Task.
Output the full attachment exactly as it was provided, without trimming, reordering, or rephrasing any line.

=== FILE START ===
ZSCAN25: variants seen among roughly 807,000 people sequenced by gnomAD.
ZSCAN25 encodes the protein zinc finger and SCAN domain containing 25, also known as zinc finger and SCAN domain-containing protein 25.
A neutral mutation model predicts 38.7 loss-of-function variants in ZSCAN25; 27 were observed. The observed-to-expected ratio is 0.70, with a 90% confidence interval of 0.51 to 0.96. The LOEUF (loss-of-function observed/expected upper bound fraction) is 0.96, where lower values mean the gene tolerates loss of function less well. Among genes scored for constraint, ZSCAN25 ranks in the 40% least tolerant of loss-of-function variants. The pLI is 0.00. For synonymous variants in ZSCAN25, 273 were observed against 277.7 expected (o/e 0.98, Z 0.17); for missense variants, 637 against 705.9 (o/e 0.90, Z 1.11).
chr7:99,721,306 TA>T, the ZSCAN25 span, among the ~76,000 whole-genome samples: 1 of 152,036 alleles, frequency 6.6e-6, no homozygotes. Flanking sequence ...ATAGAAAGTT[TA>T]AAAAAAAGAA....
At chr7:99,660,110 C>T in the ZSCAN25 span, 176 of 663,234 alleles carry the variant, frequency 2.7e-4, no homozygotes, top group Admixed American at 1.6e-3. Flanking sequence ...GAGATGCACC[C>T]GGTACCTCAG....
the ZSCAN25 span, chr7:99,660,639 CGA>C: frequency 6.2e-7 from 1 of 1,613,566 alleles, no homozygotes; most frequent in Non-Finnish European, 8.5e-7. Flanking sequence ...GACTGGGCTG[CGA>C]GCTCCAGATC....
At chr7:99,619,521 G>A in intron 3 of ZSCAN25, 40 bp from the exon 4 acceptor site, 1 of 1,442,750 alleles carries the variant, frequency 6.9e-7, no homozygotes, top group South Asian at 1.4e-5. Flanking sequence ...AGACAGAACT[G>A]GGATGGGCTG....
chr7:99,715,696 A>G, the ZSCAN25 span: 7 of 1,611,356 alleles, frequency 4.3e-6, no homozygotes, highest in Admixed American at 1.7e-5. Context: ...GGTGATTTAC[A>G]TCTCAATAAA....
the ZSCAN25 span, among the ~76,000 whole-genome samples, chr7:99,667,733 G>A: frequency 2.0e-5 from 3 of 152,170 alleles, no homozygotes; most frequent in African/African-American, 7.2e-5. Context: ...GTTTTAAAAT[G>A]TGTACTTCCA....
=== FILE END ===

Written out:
ZSCAN25: variants seen among roughly 807,000 people sequenced by gnomAD.
ZSCAN25 encodes the protein zinc finger and SCAN domain containing 25, also known as zinc finger and SCAN domain-containing protein 25.
A neutral mutation model predicts 38.7 loss-of-function variants in ZSCAN25; 27 were observed. The observed-to-expected ratio is 0.70, with a 90% confidence interval of 0.51 to 0.96. The LOEUF (loss-of-function observed/expected upper bound fraction) is 0.96, where lower values mean the gene tolerates loss of function less well. Among genes scored for constraint, ZSCAN25 ranks in the 40% least tolerant of loss-of-function variants. The pLI is 0.00. For synonymous variants in ZSCAN25, 273 were observed against 277.7 expected (o/e 0.98, Z 0.17); for missense variants, 637 against 705.9 (o/e 0.90, Z 1.11).
chr7:99,721,306 TA>T, the ZSCAN25 span, among the ~76,000 whole-genome samples: 1 of 152,036 alleles, frequency 6.6e-6, no homozygotes. Flanking sequence ...ATAGAAAGTT[TA>T]AAAAAAAGAA....
At chr7:99,660,110 C>T in the ZSCAN25 span, 176 of 663,234 alleles carry the variant, frequency 2.7e-4, no homozygotes, top group Admixed American at 1.6e-3. Flanking sequence ...GAGATGCACC[C>T]GGTACCTCAG....
the ZSCAN25 span, chr7:99,660,639 CGA>C: frequency 6.2e-7 from 1 of 1,613,566 alleles, no homozygotes; most frequent in Non-Finnish European, 8.5e-7. Flanking sequence ...GACTGGGCTG[CGA>C]GCTCCAGATC....
At chr7:99,619,521 G>A in intron 3 of ZSCAN25, 40 bp from the exon 4 acceptor site, 1 of 1,442,750 alleles carries the variant, frequency 6.9e-7, no homozygotes, top group South Asian at 1.4e-5. Flanking sequence ...AGACAGAACT[G>A]GGATGGGCTG....
chr7:99,715,696 A>G, the ZSCAN25 span: 7 of 1,611,356 alleles, frequency 4.3e-6, no homozygotes, highest in Admixed American at 1.7e-5. Context: ...GGTGATTTAC[A>G]TCTCAATAAA....
the ZSCAN25 span, among the ~76,000 whole-genome samples, chr7:99,667,733 G>A: frequency 2.0e-5 from 3 of 152,170 alleles, no homozygotes; most frequent in African/African-American, 7.2e-5. Context: ...GTTTTAAAAT[G>A]TGTACTTCCA....